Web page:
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Patient & Staff Safety
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The Lead

Different Races React Differently to Warfarin

May 29, 2015 10:16 am | by American Society of Hematology | News | Comments

A study found African Americans and European Americans typically need different dose sizes to achieve similar results.   

Recent Releases: Electrosurgery Unit, UV Disinfector and More Reach Market

May 29, 2015 8:50 am | by Rebecca Rudolph, editor | Blogs | Comments

Suppliers have shared their new products with us, including new electrosurgery units, warming...

Organ Testing Device Could Save Money, Time

May 28, 2015 4:40 pm | by University of California - Los Angeles Health Systems | News | Comments

The portable probe successfully measures liver function in potential organ donations and no...

People Don't Always Give to a Loved One

May 28, 2015 9:04 am | by University of Pennsylvania School of Medicine | News | Comments

Research shows the number of eligible organ donors whose loved ones consent to organ donation...

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Perioperative Beta-Blockers Tested for Impact

May 27, 2015 3:17 pm | by Jama Network Journals | News | Comments

Researchers looked to see if pre-surgery beta-blockers were as harmful as they're said to be.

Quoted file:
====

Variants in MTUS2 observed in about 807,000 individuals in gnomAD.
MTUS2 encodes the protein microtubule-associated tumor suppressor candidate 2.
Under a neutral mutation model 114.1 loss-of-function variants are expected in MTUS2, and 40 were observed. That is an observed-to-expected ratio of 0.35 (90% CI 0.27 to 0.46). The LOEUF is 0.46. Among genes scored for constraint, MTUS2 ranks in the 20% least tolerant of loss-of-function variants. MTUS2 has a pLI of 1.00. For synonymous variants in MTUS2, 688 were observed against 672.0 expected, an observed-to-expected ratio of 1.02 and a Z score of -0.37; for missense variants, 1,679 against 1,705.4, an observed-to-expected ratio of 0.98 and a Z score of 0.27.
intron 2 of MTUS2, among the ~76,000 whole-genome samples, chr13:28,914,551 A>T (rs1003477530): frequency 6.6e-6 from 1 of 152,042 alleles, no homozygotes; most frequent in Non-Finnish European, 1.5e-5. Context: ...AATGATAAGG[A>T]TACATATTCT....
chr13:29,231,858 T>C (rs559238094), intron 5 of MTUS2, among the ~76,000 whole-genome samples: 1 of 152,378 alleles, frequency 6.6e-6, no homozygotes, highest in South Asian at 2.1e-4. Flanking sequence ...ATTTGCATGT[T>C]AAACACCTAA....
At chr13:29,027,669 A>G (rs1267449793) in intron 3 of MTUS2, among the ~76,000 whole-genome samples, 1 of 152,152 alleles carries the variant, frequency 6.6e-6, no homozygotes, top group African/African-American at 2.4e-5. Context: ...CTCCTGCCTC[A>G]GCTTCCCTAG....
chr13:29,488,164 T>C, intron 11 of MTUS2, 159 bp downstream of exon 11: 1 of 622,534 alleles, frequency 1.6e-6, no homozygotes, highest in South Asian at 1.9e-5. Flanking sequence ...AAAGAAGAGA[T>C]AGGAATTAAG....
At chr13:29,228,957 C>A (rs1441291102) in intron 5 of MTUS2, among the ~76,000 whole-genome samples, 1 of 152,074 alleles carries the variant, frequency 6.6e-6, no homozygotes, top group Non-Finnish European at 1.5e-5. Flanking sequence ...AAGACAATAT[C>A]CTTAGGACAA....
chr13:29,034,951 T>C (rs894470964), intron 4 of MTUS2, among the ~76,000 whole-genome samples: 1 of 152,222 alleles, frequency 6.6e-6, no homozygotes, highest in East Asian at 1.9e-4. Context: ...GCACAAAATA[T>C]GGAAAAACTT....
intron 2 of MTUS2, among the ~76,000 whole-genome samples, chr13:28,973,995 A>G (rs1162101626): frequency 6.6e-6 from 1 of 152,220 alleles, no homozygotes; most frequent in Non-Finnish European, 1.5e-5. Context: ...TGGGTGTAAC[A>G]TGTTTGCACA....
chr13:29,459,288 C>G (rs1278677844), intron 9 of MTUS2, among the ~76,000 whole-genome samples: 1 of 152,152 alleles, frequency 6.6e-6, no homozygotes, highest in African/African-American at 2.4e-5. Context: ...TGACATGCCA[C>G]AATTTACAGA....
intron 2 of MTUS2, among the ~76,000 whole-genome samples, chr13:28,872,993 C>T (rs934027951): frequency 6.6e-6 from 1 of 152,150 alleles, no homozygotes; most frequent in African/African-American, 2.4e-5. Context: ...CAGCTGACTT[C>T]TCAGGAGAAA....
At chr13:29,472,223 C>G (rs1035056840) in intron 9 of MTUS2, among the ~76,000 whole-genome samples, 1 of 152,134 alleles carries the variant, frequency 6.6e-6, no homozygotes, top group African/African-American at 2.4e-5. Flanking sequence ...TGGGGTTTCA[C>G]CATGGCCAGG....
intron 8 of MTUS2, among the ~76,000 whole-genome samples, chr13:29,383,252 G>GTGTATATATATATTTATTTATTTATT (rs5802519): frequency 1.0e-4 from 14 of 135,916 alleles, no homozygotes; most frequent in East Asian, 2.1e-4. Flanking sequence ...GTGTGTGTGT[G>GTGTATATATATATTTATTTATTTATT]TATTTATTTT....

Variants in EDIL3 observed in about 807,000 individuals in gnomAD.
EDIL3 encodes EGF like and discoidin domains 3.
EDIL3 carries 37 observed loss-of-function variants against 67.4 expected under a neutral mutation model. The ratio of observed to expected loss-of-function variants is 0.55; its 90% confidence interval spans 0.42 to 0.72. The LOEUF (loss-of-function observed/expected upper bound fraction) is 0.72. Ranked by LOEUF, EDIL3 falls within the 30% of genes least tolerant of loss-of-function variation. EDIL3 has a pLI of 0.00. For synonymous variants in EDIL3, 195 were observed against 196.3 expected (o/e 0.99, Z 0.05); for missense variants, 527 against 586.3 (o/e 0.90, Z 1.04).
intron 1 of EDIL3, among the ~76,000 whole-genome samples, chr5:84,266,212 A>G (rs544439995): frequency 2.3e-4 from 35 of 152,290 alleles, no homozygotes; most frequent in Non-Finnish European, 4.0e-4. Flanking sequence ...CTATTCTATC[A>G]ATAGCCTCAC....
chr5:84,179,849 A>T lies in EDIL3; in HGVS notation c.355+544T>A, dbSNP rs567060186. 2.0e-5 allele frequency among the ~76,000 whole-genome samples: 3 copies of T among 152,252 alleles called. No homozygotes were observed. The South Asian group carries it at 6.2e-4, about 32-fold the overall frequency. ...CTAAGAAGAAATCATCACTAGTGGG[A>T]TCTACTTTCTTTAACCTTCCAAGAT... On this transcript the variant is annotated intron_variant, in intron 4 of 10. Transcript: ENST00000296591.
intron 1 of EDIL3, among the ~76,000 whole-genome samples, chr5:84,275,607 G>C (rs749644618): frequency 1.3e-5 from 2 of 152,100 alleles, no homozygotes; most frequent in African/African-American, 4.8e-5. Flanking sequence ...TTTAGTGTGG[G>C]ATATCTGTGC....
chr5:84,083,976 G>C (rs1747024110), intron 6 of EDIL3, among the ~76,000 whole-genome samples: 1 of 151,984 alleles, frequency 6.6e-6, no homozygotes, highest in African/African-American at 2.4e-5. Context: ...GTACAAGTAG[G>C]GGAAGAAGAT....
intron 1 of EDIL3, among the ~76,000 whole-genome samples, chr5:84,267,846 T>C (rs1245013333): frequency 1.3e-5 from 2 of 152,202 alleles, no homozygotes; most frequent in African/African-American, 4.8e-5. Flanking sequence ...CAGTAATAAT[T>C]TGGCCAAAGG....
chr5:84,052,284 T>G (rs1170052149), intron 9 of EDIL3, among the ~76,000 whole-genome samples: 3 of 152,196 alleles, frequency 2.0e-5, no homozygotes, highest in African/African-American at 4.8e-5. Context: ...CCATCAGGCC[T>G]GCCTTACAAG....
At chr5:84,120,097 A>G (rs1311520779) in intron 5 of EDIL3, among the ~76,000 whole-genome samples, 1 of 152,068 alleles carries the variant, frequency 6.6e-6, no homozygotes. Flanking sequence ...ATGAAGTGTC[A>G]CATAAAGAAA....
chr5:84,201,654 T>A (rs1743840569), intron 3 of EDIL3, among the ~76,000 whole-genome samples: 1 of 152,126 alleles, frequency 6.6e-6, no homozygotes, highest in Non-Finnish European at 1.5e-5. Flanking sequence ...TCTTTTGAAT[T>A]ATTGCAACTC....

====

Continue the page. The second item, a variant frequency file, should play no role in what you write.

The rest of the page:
Patient Kept Awake to Provide Feedback

May 27, 2015 9:53 am | by Lifespan | News | Comments

The patient had a spinal tumor removed endoscopically, all while she was awake so she could give the surgeon feedback.

Infographic: 8 Ways Healthcare Changed

May 26, 2015 3:48 pm | by Modular Devices | News | Comments

As part of Heart Disease Awareness Month this past February, Modular Devices made a list of advancements in medical technology since the 1950's.

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Predicting Hep C Complications to Reduce HAIs

May 21, 2015 9:22 am | by University of Michigan Health Systems | News | Comments

Screening for hepatitis C has become a standard, but a new model of tests and evaluations could help find which patients are more likely to have complications.

Study Suggests Need for Renal Protective Care in Pediatric Lung Transplant Patients

May 18, 2015 9:53 am | by American Thoracic Society | News | Comments

The study, believed to be the first to look at CKD in children who have received lung transplants, also found that those children with high levels of tacrolimus circulating in the blood and those who experience at least one episode of acute kidney injury during their recovery also appear to be at greater risk for CKD.

Automated System Would Identify Life-Threatening Bleeding

May 15, 2015 9:47 am | by Massachusetts General Hospital | News | Comments

"While the clinical information that ambulance crews call in to trauma centers was sufficient to determine the presence of a life-threatening hemorrhage in about half the patients we studied, many other patients were in a 'grey area' and may or may not have been at risk of bleeding to death," an expert said. 

Facility Organization Could Correlate to Patient Outcomes

May 15, 2015 9:43 am | by Wolters Kluwer Health | News | Comments